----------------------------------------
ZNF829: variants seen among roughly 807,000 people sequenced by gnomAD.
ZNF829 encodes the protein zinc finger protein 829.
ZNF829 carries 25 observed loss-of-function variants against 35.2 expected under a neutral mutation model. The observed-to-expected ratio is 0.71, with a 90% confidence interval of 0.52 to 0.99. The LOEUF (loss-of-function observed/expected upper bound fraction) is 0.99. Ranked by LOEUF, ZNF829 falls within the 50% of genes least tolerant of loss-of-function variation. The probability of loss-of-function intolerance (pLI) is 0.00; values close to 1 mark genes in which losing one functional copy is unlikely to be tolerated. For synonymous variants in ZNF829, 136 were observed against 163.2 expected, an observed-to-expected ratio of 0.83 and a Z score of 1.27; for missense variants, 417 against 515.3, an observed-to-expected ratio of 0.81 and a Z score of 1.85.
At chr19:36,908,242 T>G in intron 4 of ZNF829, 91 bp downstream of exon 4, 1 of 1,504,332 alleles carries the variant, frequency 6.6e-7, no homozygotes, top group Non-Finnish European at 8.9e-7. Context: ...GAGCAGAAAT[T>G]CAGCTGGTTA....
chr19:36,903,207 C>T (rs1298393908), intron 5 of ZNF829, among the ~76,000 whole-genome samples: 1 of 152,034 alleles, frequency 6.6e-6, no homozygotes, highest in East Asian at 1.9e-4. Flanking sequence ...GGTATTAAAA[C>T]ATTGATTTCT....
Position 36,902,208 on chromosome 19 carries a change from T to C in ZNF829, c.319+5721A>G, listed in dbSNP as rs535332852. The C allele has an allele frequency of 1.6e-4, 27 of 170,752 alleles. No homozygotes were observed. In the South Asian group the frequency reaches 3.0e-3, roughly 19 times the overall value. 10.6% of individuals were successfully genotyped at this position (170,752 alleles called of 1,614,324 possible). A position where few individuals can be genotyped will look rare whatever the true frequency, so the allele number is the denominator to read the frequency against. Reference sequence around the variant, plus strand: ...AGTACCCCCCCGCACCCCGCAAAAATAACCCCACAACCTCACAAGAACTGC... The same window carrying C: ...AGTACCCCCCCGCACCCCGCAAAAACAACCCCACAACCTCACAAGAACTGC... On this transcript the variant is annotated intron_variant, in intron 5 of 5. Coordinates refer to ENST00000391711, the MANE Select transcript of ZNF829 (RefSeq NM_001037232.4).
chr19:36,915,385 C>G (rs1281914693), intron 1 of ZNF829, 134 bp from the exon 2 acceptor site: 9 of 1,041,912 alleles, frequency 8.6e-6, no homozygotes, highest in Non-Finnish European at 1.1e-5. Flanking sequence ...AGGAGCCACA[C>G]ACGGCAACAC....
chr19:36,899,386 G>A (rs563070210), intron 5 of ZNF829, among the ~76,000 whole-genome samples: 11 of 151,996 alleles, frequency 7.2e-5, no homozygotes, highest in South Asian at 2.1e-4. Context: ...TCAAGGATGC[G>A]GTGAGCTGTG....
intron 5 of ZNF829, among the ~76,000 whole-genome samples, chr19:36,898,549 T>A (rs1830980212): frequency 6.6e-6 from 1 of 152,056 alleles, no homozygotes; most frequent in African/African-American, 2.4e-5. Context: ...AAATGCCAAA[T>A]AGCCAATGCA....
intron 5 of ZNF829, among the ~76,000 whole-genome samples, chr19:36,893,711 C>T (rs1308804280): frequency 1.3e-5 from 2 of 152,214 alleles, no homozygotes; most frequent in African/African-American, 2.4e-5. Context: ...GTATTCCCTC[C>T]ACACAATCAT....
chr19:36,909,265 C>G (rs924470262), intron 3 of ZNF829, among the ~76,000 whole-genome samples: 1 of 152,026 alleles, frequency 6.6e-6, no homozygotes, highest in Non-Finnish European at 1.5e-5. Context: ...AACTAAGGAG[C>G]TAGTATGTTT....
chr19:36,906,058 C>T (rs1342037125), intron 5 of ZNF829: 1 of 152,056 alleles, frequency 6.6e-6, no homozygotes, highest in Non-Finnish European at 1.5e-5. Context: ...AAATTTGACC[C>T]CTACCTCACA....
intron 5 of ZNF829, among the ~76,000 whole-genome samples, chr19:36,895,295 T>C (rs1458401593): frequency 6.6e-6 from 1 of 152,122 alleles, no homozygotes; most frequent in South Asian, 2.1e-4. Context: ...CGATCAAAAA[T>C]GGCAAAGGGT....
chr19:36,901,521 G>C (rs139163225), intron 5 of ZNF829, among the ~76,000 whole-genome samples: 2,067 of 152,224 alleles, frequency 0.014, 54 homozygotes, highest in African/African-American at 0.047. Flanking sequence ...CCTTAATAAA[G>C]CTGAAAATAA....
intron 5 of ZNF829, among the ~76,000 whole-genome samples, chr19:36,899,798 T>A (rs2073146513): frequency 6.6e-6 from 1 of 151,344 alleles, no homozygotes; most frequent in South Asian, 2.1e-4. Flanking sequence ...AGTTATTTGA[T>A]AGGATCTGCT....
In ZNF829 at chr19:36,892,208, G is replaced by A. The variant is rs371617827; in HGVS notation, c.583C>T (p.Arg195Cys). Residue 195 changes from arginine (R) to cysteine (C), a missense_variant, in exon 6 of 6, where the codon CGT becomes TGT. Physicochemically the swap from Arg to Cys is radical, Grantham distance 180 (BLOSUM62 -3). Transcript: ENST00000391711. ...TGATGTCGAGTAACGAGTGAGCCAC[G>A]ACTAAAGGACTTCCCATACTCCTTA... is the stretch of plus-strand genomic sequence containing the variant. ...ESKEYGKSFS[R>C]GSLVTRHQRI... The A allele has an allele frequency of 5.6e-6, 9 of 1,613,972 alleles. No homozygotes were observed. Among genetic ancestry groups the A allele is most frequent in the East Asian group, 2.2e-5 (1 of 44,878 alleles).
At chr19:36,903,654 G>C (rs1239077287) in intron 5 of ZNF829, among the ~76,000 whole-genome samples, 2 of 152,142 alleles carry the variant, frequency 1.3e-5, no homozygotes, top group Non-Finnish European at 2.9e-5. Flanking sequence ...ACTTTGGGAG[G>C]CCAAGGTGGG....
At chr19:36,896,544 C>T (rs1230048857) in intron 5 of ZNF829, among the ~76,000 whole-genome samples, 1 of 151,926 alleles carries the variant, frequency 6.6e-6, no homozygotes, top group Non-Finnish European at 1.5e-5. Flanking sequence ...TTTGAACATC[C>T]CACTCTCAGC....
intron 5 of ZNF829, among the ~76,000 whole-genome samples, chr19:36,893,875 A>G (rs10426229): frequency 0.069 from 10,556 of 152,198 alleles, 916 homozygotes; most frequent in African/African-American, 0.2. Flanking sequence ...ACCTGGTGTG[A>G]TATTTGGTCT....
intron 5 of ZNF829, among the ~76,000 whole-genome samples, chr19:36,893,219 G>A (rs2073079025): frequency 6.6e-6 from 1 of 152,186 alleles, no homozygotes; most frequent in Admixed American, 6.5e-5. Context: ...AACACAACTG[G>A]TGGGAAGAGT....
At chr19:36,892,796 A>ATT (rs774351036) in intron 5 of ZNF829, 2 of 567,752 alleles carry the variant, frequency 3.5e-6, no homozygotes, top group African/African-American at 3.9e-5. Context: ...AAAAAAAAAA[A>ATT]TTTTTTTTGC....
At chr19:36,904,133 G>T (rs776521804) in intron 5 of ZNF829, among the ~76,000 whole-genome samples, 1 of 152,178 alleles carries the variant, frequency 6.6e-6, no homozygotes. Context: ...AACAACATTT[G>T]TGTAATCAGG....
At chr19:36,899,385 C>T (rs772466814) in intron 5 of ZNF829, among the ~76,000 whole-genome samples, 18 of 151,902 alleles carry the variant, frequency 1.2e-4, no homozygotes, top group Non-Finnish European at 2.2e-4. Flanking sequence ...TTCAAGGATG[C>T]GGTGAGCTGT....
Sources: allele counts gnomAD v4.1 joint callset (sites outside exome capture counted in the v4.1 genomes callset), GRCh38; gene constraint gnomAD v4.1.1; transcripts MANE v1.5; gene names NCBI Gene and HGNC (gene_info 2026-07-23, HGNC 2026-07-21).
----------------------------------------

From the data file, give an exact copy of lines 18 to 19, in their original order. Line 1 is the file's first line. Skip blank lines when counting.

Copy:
At chr19:36,896,544 C>T (rs1230048857) in intron 5 of ZNF829, among the ~76,000 whole-genome samples, 1 of 151,926 alleles carries the variant, frequency 6.6e-6, no homozygotes, top group Non-Finnish European at 1.5e-5. Flanking sequence ...TTTGAACATC[C>T]CACTCTCAGC....
intron 5 of ZNF829, among the ~76,000 whole-genome samples, chr19:36,893,875 A>G (rs10426229): frequency 0.069 from 10,556 of 152,198 alleles, 916 homozygotes; most frequent in African/African-American, 0.2. Flanking sequence ...ACCTGGTGTG[A>G]TATTTGGTCT....